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2015 NCAA Tournament: Latest UPDATES – EOTM Sports News

By Cain Cawthon

Can anyone stop the Kentucky Wildcats? (Don McPeak/USA TODAY Sports)

Latest Updates

With the bracket set, it’s time to take a deeper dive into the Field of 68. Read on to find first-round Cinderellas, teetering top seeds and more.

Picking favorites in the NCAA tournament is the smart play, but what makes March Madness great is the upsets and Cinderella teams who pull off something special. (Read More)

Most vulnerable top seeds

They’re the best teams in the nation. But when one loss can banish anyone from the bracket, it just takes one slip-up to shatter dreams of ladders, scissors and a nylon necklace – even for those occupying the top seed lines. (Read More)

Selection Sunday’s biggest snubs and surprises

The NCAA tournament selection committee made its decision, and as usual, the final cuts were the cruelest. (Read More)

Get 2015 NCAA tournament emoji

Show your March Madness spirit with these mascot emoji. Find your favorite team, save the emoji to your phone and text it to your friends. Because nobody uses their words anymore. (Download Here)

[Tournament schedule, TV times, more information]

Care about college basketball? Root for Iowa State, Villanova, Notre Dame and North Carolina

Once they put aside educational allegiances and office-pool interests, college basketball fans should root for the handful of dangerous teams who play with a combination of pace and skill that doesn’t require toothpicks to keep eyelids open. (Read More)

When it’s Kentucky vs. the field, the field is the underdog

The bracket does not feature a handful of favorites and a swath of dark horses, all jockeying for position, elbowing one another out of the way. It features Kentucky and everyone else. (Read More)

The bracket is unveiled

The first region has been revealed, starting with Kentucky, unsurprisingly, as the overall No. 1 seed in the Midwest. Here’s how the bracket shakes out so far:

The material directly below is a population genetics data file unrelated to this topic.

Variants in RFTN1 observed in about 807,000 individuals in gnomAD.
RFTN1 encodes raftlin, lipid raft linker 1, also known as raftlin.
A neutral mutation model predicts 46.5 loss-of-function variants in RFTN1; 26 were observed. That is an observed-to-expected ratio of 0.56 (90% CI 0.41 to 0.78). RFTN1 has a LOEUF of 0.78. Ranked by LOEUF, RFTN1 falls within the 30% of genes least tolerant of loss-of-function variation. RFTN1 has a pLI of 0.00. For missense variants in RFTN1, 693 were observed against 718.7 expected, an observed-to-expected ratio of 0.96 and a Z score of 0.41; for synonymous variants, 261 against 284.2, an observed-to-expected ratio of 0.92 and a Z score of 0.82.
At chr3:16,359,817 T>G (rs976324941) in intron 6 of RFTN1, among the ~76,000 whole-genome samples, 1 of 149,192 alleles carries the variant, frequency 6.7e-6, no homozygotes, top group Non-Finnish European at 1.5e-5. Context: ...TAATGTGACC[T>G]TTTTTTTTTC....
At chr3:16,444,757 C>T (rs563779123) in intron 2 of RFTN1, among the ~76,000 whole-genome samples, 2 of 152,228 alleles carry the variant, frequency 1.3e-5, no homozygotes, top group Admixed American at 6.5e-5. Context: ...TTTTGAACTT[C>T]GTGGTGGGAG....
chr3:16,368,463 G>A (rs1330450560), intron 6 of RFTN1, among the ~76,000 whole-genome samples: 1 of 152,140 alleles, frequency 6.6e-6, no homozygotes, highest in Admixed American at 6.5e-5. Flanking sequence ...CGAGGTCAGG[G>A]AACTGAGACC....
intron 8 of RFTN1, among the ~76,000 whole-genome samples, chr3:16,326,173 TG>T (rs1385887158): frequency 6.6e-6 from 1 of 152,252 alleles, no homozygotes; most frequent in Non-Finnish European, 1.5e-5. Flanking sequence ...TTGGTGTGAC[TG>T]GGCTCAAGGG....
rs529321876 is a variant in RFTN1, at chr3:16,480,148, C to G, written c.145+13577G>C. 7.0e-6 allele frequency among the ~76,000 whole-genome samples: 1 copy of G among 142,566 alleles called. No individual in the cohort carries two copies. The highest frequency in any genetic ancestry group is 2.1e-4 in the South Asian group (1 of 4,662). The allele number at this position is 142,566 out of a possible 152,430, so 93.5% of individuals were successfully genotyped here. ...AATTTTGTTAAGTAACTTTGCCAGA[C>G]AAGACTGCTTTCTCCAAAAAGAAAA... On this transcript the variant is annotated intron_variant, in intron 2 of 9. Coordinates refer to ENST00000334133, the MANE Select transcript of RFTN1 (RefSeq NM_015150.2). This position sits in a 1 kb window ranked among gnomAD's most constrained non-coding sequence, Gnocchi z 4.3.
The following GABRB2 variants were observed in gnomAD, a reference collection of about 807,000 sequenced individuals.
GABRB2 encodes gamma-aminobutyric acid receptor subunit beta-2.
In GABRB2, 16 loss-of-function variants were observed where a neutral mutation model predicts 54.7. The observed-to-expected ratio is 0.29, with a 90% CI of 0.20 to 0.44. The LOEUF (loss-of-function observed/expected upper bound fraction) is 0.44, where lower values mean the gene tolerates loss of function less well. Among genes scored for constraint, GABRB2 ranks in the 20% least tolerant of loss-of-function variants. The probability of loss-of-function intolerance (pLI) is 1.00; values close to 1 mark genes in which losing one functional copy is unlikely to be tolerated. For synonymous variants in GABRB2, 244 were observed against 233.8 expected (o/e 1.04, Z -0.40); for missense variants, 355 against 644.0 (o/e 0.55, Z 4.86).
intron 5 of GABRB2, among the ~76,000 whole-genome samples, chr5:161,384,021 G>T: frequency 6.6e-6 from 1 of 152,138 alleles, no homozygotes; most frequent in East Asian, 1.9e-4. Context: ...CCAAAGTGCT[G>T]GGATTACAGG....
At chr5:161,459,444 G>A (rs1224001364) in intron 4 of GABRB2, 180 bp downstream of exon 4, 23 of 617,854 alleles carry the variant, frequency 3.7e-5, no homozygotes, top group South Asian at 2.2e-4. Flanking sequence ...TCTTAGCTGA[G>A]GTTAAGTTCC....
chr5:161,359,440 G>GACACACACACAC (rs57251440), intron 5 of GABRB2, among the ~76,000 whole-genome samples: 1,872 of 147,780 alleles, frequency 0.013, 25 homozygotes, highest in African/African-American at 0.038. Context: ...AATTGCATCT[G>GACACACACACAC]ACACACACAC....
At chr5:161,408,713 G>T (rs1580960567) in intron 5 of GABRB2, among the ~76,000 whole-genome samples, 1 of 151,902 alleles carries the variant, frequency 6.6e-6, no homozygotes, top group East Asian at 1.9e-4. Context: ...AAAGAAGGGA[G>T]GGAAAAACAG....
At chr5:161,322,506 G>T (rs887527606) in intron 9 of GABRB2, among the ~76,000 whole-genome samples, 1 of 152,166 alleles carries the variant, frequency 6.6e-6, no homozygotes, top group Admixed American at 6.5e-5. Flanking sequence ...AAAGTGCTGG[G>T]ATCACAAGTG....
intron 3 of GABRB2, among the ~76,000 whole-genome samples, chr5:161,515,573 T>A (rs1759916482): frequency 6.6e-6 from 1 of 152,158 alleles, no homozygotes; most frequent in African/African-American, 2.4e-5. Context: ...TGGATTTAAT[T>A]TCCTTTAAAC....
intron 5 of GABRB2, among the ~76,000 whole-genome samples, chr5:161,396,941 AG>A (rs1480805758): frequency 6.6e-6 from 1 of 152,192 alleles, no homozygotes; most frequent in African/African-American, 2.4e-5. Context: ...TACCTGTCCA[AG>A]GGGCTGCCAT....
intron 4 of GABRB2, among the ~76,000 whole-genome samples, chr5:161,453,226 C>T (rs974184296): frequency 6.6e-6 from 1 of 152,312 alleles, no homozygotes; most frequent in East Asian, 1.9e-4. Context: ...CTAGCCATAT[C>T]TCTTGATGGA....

1. Kentucky vs. 16. Manhattan/Hampton
2. Kansas vs. 15. New Mexico State
3. Notre Dame vs. 14. Northeastern
4. Maryland vs. 13. Valparaiso
5. West Virginia vs. 12. Buffalo
6. Butler vs. 11. Texas
7. Wichita State vs. 10. Indiana
8. Cincinnati vs. 9. Purdue

Quick take: Kansas hangs on to a No. 2 seed despite losing in the Big 12 title game, but their reward is a spot in Kentucky’s bracket. Meanwhile, the ACC tournament champs end up as the best 3-seed, with Notre Dame getting the nod in the Midwest. In terms of early bubble talk, Purdue, Indiana and Texas ended up on the good side of the bubble. And neither the Boilermakers nor the Hoosiers came particularly close to the cutline, which is surprising.


1. Villanova vs. 16. Lafayette
2. Virginia vs. 15. Belmont
3. Oklahoma vs. 14. Albany
4. Louisville vs. 13. UC Irvine
5. Northern Iowa vs. 12. Wyoming
6. Providence vs. 11. Boise State/Dayton
7. Michigan State vs. 10. Georgia
8. North Carolina State vs. 9. LSU

Quick Take: The Cavaliers couldn’t hang on to a No. 1 seed, but they did end up a No. 2 in what looks like a navigable bracket — except for the part where they have to play Tom Izzo’s Michigan State Spartans in the second round. Boise State’s loss in the Mountain West semifinals has put them into the play-in game in Dayton … against Dayton. That seems, um, interesting. LSU was another team many thought may miss the cut, but like Purdue, they land a No. 9 seed.


1. Duke vs. 16. North Florida/Robert Morris
2. Gonzaga vs. 15. North Dakota State
3. Iowa State vs. 14. UAB
4. Georgetown vs. 13. Eastern Washington
5. Utah vs. 12. Stephen F. Austin
6. SMU vs. 11. UCLA
7. Iowa vs. 10. Davidson
8. San Diego State vs. 9. St. John’s

Quick Take: Let’s start with the UCLA Bruins … CBS analyst Doug Gottlieb said during the selection special that there’s not a reasonable person in the country who believes UCLA belongs in the bracket. He’s not too far off. The Bruins finished 5-10 against the RPI top 100. That not only got UCLA into the field, the Bruins don’t even have to play a first-four play-in game. That’s stunning. On the top half of the bracket, Duke looks like a safe bet to advance. At the bottom, a potential Iowa State-Gonzaga clash in the Sweet 16 would produce a thriller.


1. Wisconsin vs. 16. Coastal Carolina
2. Arizona vs. 15. Texas Southern
3. Baylor vs. 14. Georgia State
4. North Carolina vs. 13. Harvard
5. Arkansas vs. 12. Wofford
6. Xavier vs. 11. BYU/Ole Miss
7. VCU vs. 10. Ohio State
8. Oregon vs. 9. Oklahoma State

Quick Take: With the final region revealed, hope dies for a Murray State miracle bid. BYU and Ole Miss will get the opportunity to earn the 11-seed with the play-in game in Dayton. Wisconsin, winners of the Big Ten tournament Sunday, gets the No. 1 seed, but if everything proceeds according to seed-strength, they’ll have to top a very dangerous Arizona team in the Elite Eight.